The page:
The CC-60SCE features Fender’s comfort neck. This has a slim taper and the edges of the fretboard have been rolled—this makes it more comfortable for beginners. The cutaway also helps players access the higher frets.

The result is a guitar that is light, small and comfortable to play. The only downside is that the action is slightly higher than we would like. Acoustics never sound that great when plugged in, but the CC-60SCE has a Fishman electonics inside which do a pretty good job. As a bonus, it also includes a built-in tuner.

Scalloped bracing means that it can achieve more volume and better tone than other guitars of this size.

The cost of the guitar is kept down by its plastic nut and saddle pins, along with a laminate back and side.

Yamaha TransAcoustic CSF-TA

Best acoustic guitar for innovative features

Yamaha Transacoustic CSF TA acoustic guitar
Yamaha Transacoustic CSF TA acoustic guitar

Pros

  • Cool concept
  • A lot of fun with nice sounding effects

Cons

  • No tuner
  • Not very loud

The Yamaha TransAcoustic CSF-TA might be the best acoustic guitar on this list regarding innovation. Each model in this range features an actuator that effectively turns the guitar into an effects processor. 

Basically the guitar’s body becomes a speaker. It doesn’t amplify the sound buy instead allows the guitar to create reverb and chorus effects even when it’s unplugged.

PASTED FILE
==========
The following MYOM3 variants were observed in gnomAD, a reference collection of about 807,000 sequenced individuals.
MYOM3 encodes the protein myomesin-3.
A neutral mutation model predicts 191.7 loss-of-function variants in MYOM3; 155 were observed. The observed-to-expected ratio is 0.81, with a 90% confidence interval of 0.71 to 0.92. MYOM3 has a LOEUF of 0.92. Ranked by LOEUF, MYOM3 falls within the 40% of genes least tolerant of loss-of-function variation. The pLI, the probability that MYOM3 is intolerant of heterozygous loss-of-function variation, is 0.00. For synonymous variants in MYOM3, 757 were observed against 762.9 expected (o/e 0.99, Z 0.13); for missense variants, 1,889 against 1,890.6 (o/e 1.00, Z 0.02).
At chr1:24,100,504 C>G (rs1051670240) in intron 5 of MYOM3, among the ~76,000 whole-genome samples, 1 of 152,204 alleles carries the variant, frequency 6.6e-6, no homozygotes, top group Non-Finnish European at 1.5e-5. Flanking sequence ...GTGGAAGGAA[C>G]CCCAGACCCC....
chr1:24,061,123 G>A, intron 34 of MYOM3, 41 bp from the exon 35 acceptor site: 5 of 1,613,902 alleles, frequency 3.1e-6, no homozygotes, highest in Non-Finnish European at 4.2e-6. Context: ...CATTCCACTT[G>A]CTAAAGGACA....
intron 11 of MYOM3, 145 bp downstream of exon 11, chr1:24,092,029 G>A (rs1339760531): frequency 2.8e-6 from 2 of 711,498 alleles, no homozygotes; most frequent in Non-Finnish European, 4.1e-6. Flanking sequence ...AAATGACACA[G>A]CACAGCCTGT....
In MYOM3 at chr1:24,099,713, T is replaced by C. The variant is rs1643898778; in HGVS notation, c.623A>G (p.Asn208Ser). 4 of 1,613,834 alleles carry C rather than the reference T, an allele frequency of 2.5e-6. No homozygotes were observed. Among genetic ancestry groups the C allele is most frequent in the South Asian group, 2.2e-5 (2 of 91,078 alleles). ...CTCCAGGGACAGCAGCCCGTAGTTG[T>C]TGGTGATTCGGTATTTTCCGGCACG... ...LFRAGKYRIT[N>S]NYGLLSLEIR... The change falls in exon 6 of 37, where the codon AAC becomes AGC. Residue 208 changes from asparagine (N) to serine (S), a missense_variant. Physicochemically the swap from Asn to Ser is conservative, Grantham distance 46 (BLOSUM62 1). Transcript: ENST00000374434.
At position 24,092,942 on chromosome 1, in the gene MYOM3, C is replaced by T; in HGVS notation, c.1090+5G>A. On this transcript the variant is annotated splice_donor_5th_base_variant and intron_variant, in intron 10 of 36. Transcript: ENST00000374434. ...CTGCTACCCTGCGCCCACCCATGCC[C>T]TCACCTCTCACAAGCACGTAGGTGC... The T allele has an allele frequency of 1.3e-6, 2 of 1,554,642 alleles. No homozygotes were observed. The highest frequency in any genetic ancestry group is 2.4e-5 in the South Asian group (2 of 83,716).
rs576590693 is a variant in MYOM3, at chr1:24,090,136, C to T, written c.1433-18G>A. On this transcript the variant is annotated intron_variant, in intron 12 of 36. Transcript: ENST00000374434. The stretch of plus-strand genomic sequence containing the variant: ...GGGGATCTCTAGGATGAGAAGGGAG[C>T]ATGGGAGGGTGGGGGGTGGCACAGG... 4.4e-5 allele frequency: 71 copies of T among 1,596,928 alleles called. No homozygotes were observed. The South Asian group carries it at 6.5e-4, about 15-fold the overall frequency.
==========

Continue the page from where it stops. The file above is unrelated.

That’s right, the effect comes out of the guitar’s body when it’s not plugged in. We’re not quite sure how it works (probably voodoo) but it sounds amazing.

The CSF-TA is the smallest model in the range which is why it’s on this list. The amazing effects are all the more impressive coming from such a small guitar.

It features reverb, chorus and line-level control knobs and the actuator is powered by two AA batteries. Unfortunately it doesn’t have a built-in tuner.

The body has a sitka spruce top, rosewood fretboard and mahogany back, sides and neck.

With the effects off the guitar sounds pretty good, with nice lot of high end—although the bass frequencies are a little dull. Like all small guitars, it’s not very loud and can sound “limited”.

But it’s when you switch the reverb and chorus on when the fun begins!

At just $700 this guitar is fun, interesting and good value. 

Takamine P3NY

Best parlor sized acoustic guitar

Takamine P3NY acoustic guitar
Takamine P3NY acoustic guitar

Pros

  • Nice sound
  • Classic, simple aesthetics

Cons

  • Not very loud
  • Doesn’t sound great plugged in

The Takamine P3NY is part of its New Yorker range of parlor-sized guitars. These are the smallest-sized guitars that Takamine makes and has been designed to be comfortable to play either stood up or sat down.

The P3NY has a very simple design, but a high-quality finish, giving it a really classy look.